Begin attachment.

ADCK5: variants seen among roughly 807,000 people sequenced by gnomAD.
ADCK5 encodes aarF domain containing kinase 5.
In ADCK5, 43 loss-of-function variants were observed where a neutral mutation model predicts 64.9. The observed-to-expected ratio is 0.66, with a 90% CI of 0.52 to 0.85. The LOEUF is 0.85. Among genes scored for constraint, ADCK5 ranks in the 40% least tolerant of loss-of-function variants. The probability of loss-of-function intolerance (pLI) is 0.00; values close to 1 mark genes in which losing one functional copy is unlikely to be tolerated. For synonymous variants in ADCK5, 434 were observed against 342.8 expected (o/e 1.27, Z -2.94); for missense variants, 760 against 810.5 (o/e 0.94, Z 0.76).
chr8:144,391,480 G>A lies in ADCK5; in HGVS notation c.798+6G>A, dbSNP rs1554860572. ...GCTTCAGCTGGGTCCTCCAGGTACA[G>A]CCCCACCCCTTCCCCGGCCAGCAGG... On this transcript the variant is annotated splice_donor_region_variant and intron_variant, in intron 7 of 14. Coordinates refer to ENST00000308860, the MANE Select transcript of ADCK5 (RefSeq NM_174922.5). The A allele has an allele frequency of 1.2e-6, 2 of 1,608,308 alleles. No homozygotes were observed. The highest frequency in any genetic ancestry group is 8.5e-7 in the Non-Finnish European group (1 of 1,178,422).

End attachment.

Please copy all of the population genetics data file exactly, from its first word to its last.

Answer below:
ADCK5: variants seen among roughly 807,000 people sequenced by gnomAD.
ADCK5 encodes aarF domain containing kinase 5.
In ADCK5, 43 loss-of-function variants were observed where a neutral mutation model predicts 64.9. The observed-to-expected ratio is 0.66, with a 90% CI of 0.52 to 0.85. The LOEUF is 0.85. Among genes scored for constraint, ADCK5 ranks in the 40% least tolerant of loss-of-function variants. The probability of loss-of-function intolerance (pLI) is 0.00; values close to 1 mark genes in which losing one functional copy is unlikely to be tolerated. For synonymous variants in ADCK5, 434 were observed against 342.8 expected (o/e 1.27, Z -2.94); for missense variants, 760 against 810.5 (o/e 0.94, Z 0.76).
chr8:144,391,480 G>A lies in ADCK5; in HGVS notation c.798+6G>A, dbSNP rs1554860572. ...GCTTCAGCTGGGTCCTCCAGGTACA[G>A]CCCCACCCCTTCCCCGGCCAGCAGG... On this transcript the variant is annotated splice_donor_region_variant and intron_variant, in intron 7 of 14. Coordinates refer to ENST00000308860, the MANE Select transcript of ADCK5 (RefSeq NM_174922.5). The A allele has an allele frequency of 1.2e-6, 2 of 1,608,308 alleles. No homozygotes were observed. The highest frequency in any genetic ancestry group is 8.5e-7 in the Non-Finnish European group (1 of 1,178,422).